Let’s see, now … democratic socialism or sedition?
Not the greatest of choices, but I have a pretty good idea of which I would choose, if they were my only two options. And they seem to be the options in front of us on this day, Tuesday, January 12, 2o21.
There are only eight days before Joe Biden assumes the presidential mantle. It doesn’t sound like a whole lot of time for much to happen. But anyone who lulls him- or herself into that line of thinking makes the serious mistake of underestimating the scheming talents of our current Commander in Chief. After all, who (except those in the tightest inside circle) could have come close to imagining that the Capitol of the United States of America could have come under such a vicious attack as it did last Wednesday? And, from what I understand, while it had been planned for a while prior to the actual attack, it wasn’t something that took all that long to put together.
Sedition is defined as “conduct or speech inciting people to rebel against the authority of a state or monarch.” Democratic socialism is defined as “having a socialist economy in which the means of production are socially and collectively owned or controlled, alongside a democratic political system.” The reason many people fear democratic socialism is because “socialism” has become synonymous with “communism,” a perversion of what socialism should be in its untarnished form.
Sadly, put in the hands of flawed human beings, socialism is easily twisted in such a way that many suffer while a few benefit (of course, doesn’t that sound like democracy, too, if you think about it?). But, if it were ever possible to make socialism work the way it’s supposed to, then everyone would benefit.
The concept dates back to biblical times. Jesus’ followers are described in socialistic terms in Acts 4.32: “The community of believers was one in heart and mind. None of them would say, ‘This is mine!’ about any of their possessions, but held everything in common” (Common English Bible). In my opinion, that’s probably as close to experiencing heaven on earth as humanity has ever come in its pitiful existence. Can you imagine how wonderful it would be if everyone – and it must be everyone – understood that nothing they possessed was actually owned by them, but was in their trust for the good of the community? That it would be required of them to pass along to another person whatever that other person needed? And that it could be done confidently because that other person would not be trying take advantage?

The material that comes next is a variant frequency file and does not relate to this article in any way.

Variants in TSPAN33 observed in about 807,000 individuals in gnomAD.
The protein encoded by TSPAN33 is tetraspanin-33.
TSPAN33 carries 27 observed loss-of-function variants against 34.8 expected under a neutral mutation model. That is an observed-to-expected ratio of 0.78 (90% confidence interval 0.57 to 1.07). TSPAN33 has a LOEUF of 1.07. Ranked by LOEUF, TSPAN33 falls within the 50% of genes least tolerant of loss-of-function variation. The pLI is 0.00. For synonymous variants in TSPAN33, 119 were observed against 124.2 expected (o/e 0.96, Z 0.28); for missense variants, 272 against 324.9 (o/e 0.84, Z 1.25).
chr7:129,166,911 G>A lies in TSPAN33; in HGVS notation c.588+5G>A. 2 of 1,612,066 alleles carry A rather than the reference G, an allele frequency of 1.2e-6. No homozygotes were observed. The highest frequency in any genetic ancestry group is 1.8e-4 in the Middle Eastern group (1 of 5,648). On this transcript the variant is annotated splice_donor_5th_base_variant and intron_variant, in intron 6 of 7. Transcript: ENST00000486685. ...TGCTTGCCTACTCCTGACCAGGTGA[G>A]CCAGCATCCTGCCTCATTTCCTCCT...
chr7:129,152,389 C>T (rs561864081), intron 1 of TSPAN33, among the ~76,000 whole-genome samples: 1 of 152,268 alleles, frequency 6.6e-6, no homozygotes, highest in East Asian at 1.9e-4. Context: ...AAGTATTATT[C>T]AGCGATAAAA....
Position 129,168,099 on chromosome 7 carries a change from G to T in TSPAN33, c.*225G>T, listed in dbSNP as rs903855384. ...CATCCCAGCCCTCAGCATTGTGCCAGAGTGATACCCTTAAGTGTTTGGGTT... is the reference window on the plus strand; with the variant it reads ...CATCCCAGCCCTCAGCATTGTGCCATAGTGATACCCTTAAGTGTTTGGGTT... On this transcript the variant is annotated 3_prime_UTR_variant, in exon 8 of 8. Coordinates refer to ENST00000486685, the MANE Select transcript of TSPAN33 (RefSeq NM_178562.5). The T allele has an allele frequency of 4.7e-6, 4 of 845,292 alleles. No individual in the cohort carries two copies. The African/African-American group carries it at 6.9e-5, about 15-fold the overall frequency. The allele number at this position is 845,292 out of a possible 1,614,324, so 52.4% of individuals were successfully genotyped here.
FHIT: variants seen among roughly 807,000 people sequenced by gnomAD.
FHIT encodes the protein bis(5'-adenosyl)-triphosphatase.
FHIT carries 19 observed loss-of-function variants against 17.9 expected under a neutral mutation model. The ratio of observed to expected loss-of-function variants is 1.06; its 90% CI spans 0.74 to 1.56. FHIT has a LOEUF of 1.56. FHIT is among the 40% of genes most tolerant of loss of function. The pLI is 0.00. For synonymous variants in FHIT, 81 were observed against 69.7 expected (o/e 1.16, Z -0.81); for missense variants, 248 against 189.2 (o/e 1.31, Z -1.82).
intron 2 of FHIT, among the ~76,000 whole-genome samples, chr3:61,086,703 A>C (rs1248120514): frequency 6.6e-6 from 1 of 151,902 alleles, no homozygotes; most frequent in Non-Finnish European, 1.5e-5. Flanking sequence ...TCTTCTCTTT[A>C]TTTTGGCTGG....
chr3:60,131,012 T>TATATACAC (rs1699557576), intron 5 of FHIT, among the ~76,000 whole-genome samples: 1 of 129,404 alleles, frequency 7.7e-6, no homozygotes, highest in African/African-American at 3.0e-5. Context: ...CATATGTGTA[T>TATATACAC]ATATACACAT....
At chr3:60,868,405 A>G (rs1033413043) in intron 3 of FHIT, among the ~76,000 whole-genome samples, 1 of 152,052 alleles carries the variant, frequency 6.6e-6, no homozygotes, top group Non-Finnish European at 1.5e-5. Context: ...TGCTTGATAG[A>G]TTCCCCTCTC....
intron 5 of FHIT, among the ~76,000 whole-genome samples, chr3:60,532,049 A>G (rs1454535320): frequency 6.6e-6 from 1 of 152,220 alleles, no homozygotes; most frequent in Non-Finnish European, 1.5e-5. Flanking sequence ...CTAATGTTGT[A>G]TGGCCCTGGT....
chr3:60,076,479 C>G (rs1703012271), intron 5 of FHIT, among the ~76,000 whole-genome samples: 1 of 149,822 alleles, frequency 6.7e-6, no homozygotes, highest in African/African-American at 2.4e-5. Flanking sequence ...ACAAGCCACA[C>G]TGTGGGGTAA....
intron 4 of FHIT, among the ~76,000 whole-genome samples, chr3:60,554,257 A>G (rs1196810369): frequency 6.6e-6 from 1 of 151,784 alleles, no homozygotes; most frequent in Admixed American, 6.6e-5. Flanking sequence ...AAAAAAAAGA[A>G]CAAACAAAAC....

I know. I’m delusional. But I’m OK with that, since my delusions are delusions based on what I believe should be the goal of earth’s citizenry. The only reason there are people starving or living in poverty or at each other’s throats is because of an unwillingness to share based on distrust of “the other,” plain and simple. If the wellbeing of the less fortunate were seriously the concern of the more fortunate, and the more fortunate were willing to loosen their grasp on those fortunes, then poverty, hunger, war, and any other manifestation of lack we can think of would disappear.
When Rodney King first uttered those words after his beating in Los Angeles in the early 90’s, I thought, “How sweet. And how naïve.” King said, “People, I just want to say, can’t we all get along? Can’t we all get along?” Today, instead of relegating them to naiveté, I hear those words as the key to solving virtually every problem human beings experience.
If it were possible to exercise democratic socialism in its purest form – and, given humanity’s condition as being motivated by greed and evil, I highly doubt that it could happen – it could create that abundant life for every person on earth that Jesus wants us to have.
But, I know, I’m just fantasizing.